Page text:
“Women aren’t even included in studies where its literally a product just for women,” Criado-Perez told the conference, referring to research into the interaction between ‘female Viagra’ and alcohol. “They tested that on 23 men and two women. You don’t need to be a doctor to know that male and female alcohol tolerances are just a little bit different; and, of course, this is female Viagra…”

Studies into serious illnesses and even epidemics often left out women because of incorrect assumptions, because men were seen as “the standard”, or because researchers felt women’s physiology and even the menstrual cycle could impact on findings, Criado-Perez added in her keynote speech. 

Highlights from DHRewired20
Highlights from DHRewired20

The nature of medical research also predominately focussed on issues faced by men. “There are five times as many studies for erectile dysfunction as there are for PMS, even though 40% of women don’t respond to currently available treatments,” she claimed.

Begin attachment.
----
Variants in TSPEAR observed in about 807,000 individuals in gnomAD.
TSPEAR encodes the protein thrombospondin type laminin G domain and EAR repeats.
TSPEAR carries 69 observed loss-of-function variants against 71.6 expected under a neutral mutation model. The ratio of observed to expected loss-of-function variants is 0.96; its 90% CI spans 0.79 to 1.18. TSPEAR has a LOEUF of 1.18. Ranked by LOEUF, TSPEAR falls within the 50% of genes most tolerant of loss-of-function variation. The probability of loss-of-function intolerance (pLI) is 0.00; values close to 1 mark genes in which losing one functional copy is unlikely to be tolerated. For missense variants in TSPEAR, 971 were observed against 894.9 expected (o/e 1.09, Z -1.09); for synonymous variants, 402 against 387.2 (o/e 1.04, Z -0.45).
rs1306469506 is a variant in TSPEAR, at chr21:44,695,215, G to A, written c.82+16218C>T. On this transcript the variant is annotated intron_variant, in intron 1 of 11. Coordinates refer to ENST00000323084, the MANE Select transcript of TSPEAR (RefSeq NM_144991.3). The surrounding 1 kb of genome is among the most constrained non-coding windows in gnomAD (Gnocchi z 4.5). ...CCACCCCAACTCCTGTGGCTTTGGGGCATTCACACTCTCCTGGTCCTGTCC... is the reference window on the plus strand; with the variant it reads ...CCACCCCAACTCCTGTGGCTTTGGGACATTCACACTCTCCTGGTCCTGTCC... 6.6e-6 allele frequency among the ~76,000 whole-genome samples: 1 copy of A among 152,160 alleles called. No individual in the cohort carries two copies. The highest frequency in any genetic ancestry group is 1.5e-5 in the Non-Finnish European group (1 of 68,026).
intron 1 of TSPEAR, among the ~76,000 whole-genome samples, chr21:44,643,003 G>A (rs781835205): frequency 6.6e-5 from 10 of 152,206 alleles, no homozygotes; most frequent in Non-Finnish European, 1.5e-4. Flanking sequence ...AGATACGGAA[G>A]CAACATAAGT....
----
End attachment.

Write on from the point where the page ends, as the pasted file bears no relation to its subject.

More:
An historic disparity in research data also means that available data is decades behind where it needs to be; just companies are starting to bake it into machine learning and AI products. “There’s a lot of data we have to collect and its very unfortunate we haven’t been doing it before now,” she said.

“It takes decades to say whether something causes cancer. It is going to take decades for enough women to die [from working in a particular area or using a particular class of products] to know if that’s an area we need to address. We have to start collecting the data now.”

Sam Shah: a three-point plan for digital delivery  
Social care and technology: where are we now?
Bola Owolabi: How tech firms can narrow healthcare inequalities
Top strategies your health tech marketing agency should implement
Versatile writing models for impactful PR and marketing